By CRU Principal Analyst Josh Spoores
Trade representatives from the USA and Europe came to an agreement at the end of October in regard to the Section 232 tariffs on steel and aluminum. The Department of Commerce further announced on Oct. 31 that consultations regarding the trade of steel remain ongoing between the USA and the UK as well as the USA and Japan. These changes support manufacturing in the USA as buyers will now have more supply options.
Impact of Changes to Section 232
Trade representatives from the USA and Europe came to an agreement at the end of October in regard to the Section 232 tariffs on steel and aluminum. The Department of Commerce further announced on Oct. 31 that consultations regarding the trade of steel remain ongoing between the USA and the UK as well as the USA and Japan.
This Insight will focus on the 25% tariffs on steel, which have been nullified for a limited amount of volume between Europe and the USA. We also have an Insight from the European point of view (on your Analysis stream, titled The USA and EU are moving on from S232, but will still manage trade) that covers some information on the potential for changes based on CO2-intensity.
It has been reported that the annual volume of steel that can be freely traded is 3.3 Mt, which is subject to quarterly limits. This volume is less than levels received in years prior to 2018 when the S232 tariffs went into effect, but near the level of imports received from non-UK European countries so far in 2021 H2.
This change may be more important for some products than others. In the sheet and now the plate market, U.S. domestic prices have risen to levels that are significantly higher than prices in the overall global as well as European markets. As such, imports (inclusive of the 25% tariff) from a variety of countries, including those in Europe, have started to arrive while bookings for future delivery have increased over the past two months. For these products, this change temporarily widens the price spread between these European markets and recent domestic U.S. prices as the 25% tariff is eliminated. Yet we continue to expect that U.S. prices will come back in line with global prices over the coming months, with or without this change. For other products such as wire rod, this change may now allow buyers to procure supply in volumes that better serve demand versus the recent levels that domestic producers were able to supply.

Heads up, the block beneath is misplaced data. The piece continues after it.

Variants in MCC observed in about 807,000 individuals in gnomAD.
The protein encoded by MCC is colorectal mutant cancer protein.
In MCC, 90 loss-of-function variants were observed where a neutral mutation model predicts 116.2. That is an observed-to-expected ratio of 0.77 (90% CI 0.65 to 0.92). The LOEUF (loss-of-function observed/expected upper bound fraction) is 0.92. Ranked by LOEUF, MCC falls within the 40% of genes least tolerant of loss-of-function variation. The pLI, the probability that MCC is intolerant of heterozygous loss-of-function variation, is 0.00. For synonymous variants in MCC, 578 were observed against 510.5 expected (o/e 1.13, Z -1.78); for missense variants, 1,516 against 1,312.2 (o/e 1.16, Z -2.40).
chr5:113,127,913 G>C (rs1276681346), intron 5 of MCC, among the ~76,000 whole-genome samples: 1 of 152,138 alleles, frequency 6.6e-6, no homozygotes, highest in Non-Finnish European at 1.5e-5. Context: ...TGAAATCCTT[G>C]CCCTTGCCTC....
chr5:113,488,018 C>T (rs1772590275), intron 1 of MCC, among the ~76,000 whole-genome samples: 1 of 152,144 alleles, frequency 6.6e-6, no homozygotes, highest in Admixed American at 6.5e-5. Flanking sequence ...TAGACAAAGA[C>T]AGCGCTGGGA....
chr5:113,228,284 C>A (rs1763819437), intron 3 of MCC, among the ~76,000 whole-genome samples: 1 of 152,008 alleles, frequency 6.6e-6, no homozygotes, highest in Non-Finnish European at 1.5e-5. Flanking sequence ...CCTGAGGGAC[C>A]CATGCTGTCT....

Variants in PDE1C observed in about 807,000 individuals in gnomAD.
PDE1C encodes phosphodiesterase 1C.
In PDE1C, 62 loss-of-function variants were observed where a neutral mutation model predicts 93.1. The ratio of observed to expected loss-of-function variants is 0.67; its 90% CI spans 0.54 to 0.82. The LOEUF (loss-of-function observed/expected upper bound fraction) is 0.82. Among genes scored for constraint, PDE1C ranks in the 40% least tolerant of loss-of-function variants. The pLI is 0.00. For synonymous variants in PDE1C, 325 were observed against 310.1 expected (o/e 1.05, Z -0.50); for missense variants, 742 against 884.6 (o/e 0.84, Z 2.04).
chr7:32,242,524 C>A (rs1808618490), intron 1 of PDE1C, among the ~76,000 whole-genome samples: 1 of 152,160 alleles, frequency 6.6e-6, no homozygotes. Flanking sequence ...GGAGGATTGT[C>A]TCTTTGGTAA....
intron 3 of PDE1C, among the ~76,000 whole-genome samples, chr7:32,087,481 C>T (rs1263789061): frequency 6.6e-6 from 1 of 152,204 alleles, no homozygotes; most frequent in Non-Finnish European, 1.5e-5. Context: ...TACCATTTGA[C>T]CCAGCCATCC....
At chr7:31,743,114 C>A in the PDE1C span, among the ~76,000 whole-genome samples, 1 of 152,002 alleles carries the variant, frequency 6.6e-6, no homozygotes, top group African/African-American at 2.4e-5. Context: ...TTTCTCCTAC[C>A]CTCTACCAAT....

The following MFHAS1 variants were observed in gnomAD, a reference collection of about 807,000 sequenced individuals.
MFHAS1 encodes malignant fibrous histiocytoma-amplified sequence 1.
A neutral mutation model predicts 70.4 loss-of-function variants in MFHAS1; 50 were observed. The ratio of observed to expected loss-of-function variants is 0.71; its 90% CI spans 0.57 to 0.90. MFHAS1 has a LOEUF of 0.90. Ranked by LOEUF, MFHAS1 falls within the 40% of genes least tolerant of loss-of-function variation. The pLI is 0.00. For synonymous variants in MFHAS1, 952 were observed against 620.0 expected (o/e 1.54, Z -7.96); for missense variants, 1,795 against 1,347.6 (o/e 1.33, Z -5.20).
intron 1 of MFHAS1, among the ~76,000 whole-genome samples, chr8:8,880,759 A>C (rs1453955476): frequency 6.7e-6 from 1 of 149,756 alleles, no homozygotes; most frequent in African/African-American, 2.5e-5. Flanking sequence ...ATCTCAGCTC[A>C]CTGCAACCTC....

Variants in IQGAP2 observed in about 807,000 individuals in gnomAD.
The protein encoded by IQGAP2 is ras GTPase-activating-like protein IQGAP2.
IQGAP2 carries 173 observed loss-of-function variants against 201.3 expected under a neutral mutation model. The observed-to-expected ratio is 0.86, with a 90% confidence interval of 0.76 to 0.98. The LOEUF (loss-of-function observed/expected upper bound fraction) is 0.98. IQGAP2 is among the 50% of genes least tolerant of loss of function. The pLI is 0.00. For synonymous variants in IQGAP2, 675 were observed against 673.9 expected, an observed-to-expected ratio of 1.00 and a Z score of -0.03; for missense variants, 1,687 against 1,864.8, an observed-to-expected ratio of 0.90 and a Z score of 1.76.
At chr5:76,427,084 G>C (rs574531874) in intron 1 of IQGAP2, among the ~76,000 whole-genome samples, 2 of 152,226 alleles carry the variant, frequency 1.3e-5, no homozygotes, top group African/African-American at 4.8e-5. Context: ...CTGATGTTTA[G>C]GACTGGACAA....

We do not expect to see a surge of imports due to this change. Yes, import arrivals have already started to rise from most countries that are able to export to the U.S., simply due to the exorbitant price levels in the USA versus other markets. This strong price level is due to the post-lockdown supply deficit, yet in multiple areas, steel inventories are now in balance with demand. Some products, such as sheet and plate, now have inventories that are at higher than desired levels while the amount of material still on order at mills remains high.
For sheet products in 2022-2023, we do expect that end demand will continue to rise. Gains here will be supported not only by the continued growth of industrial production but also by the inevitable rebound of automotive production. However, in a balanced market, we expect that the U.S. will be near neutral in terms of trade for sheet products, and as such we may no longer need any sheet imports that are susceptible to the S232 tariffs.
This change is primarily due to the 10.9 Mt of new sheet capacity installed in the USA and Mexico. The start and ramp up of this capacity will continue to bring new supply onto the North American market through 2022, while other new mills will come online in 2023 and 2024. In addition, current quotas for sheet products from Brazil, South Korea and now Europe – in combination of quota-free imports from Australia, Argentina, Canada and Mexico – are likely enough to nearly eliminate non-Section 232 tariffs.
Overall, this agreement will allow steel-intensive consumers, such as manufacturers, an improved opportunity to procure the steel products required at a more competitive price than what has been seen in the past few years. As such, it may limit further offshoring of manufacturing. In fact, this pro-business negotiation may help to bring manufacturing back to the USA.
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